Efficacy of drench and spray applications of insecticides to control cabbage whitefly Aleyrodes proletella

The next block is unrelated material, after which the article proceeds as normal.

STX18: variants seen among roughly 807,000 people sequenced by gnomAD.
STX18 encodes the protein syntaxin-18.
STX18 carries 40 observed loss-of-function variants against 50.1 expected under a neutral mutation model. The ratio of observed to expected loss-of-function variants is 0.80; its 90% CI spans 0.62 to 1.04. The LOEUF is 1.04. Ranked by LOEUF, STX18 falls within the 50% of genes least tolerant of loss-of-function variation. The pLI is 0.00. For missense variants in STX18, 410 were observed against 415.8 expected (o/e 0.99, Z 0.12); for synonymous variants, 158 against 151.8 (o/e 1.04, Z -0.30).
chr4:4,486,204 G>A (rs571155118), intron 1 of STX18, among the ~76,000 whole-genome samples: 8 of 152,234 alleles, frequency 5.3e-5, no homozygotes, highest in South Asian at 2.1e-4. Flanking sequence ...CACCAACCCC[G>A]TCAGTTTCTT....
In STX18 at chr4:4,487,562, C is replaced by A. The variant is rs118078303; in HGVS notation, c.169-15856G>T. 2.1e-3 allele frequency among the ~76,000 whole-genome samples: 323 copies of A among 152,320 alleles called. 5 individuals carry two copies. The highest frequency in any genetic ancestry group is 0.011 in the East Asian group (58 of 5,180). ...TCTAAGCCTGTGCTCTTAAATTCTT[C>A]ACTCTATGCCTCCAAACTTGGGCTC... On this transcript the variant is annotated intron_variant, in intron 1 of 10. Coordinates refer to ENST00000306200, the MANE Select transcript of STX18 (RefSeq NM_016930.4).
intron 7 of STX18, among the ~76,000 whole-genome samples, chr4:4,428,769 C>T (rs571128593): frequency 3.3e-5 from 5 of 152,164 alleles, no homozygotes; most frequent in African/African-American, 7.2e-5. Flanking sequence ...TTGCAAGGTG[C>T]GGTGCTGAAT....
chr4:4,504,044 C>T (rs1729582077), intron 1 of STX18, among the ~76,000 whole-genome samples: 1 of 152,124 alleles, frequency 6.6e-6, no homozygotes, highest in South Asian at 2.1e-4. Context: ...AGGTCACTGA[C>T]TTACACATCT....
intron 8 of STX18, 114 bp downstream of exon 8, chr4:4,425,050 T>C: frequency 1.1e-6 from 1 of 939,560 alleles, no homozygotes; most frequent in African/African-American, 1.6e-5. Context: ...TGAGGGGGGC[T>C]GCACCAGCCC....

Abstract: For several years, the cabbage whitefly Aleyrodes proletella Linnaeus has been an important pest affecting the production of Brussels sprouts, kale, savoy and kohlrabi in Germany. From 2008 to 2009 studies were undertaken to test two different methods of chemical control with different insecticides. The first method was to drench seedlings of Brussels sprouts with systemic insecticides before transplanting. The insecticides included were acetamiprid, clothianidin, dimethoate, emamectin, flonicamide, imidacloprid, pymetrozine, spirotetramat, and thiamethoxam. The most efficient insecticides for drench application were the neonicotinoids imidacloprid and thiamethoxam, resulting in a remarkable efficacy even 16 weeks after treatment. The second method was to test field spray applications. The insecticides included were acetamiprid (sole and in combination with rapeseed oil or a wetting agent), azadirachtin A, bifenthrin, chlorpyrifos-methyl, clothianidin, emamectin, flonicamid plus methylated oil, pymetrozine plus methylated oil, potassium soap, plant oil, pyrethrine plus oil, and spirotetramat. For spray application spirotetramat showed the best efficacy. Adding oil or a wetting agent improved efficacy, e.g. for acetamiprid and flonicamid.